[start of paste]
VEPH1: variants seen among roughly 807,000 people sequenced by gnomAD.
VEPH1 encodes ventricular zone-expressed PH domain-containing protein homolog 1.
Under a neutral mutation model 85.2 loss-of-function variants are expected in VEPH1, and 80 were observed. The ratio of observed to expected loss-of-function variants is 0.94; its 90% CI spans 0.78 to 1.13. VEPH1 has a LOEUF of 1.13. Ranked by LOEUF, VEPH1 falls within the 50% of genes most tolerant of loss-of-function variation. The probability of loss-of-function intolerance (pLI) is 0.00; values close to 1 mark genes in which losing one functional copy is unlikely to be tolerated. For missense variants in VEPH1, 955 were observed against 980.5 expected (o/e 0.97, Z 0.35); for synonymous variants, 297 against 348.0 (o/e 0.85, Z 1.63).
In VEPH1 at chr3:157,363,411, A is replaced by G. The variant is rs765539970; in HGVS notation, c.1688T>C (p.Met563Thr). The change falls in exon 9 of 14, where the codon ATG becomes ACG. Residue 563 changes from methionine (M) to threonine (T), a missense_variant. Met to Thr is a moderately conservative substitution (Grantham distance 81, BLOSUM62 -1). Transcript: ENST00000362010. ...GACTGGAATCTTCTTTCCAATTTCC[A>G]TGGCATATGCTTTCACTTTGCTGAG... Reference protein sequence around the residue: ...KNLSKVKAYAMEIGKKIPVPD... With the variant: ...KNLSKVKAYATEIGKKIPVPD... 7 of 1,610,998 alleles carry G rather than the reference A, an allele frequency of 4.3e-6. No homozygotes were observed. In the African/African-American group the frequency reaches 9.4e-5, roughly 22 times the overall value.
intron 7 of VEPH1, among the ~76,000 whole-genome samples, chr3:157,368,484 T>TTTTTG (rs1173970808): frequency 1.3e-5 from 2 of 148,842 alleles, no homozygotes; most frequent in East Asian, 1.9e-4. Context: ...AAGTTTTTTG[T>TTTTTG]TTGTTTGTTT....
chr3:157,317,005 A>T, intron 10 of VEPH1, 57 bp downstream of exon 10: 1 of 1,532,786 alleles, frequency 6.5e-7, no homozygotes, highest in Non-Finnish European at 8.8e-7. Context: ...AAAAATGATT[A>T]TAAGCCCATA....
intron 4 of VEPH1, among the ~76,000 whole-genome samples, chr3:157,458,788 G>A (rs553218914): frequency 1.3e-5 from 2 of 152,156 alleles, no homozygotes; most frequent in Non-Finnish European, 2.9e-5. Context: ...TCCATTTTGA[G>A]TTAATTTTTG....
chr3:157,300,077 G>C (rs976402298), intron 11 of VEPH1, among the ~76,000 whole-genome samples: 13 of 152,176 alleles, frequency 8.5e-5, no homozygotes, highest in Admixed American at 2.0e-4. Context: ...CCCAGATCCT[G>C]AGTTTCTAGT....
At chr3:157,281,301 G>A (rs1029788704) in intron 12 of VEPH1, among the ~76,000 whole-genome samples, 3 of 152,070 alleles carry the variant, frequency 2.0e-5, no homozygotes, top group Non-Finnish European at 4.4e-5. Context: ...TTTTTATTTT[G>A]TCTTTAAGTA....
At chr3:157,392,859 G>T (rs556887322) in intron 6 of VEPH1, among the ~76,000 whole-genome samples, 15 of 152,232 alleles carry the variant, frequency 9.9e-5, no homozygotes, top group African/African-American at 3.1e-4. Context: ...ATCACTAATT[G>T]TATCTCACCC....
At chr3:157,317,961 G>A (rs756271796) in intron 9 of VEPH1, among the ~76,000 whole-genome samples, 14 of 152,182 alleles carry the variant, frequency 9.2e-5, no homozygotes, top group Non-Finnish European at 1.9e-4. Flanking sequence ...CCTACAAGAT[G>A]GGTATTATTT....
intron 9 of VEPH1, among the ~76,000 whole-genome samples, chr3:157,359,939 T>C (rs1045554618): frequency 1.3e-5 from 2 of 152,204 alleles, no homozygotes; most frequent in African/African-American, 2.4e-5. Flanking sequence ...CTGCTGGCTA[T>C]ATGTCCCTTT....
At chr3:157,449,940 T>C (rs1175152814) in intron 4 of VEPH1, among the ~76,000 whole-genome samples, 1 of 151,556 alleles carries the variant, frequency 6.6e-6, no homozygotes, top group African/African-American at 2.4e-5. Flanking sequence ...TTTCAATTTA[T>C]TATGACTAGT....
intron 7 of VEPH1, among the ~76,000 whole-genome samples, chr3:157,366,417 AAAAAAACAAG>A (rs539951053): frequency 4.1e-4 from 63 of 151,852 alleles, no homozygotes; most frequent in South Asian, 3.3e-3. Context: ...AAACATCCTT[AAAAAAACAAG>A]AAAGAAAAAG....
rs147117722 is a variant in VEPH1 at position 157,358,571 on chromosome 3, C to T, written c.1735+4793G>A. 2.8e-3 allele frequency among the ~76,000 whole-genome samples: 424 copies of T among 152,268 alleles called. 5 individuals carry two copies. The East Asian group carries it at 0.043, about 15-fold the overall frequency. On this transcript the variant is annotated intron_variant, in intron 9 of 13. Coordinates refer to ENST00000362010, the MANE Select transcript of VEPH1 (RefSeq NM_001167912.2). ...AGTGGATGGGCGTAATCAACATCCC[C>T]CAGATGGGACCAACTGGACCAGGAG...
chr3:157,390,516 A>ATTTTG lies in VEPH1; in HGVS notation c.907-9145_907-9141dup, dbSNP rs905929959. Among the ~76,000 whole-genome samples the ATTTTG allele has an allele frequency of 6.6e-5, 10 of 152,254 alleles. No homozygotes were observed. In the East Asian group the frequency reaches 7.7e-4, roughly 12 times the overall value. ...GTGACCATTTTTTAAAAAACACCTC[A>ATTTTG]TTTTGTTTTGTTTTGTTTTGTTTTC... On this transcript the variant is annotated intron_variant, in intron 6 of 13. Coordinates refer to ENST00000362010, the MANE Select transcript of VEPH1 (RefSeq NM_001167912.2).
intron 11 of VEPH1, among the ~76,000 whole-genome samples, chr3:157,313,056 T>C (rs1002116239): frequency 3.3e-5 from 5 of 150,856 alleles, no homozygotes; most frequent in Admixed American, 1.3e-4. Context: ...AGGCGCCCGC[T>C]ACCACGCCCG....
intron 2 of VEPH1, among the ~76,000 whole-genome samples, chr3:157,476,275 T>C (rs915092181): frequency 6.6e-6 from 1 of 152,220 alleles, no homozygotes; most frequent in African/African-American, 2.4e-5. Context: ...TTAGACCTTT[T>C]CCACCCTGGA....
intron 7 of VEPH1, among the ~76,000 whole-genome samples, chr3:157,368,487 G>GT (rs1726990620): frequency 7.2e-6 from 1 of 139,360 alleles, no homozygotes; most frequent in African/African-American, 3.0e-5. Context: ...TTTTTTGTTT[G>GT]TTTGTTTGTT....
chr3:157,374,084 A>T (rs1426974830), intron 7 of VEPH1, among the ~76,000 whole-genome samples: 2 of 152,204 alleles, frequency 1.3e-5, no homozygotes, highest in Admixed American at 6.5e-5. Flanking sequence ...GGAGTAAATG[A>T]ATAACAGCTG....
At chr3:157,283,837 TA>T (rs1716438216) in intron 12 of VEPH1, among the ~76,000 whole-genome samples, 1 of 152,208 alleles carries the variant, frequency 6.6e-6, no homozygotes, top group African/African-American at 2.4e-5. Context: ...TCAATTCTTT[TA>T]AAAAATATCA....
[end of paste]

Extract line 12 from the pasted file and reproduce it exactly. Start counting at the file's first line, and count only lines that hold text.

intron 9 of VEPH1, among the ~76,000 whole-genome samples, chr3:157,359,939 T>C (rs1045554618): frequency 1.3e-5 from 2 of 152,204 alleles, no homozygotes; most frequent in African/African-American, 2.4e-5. Flanking sequence ...CTGCTGGCTA[T>C]ATGTCCCTTT....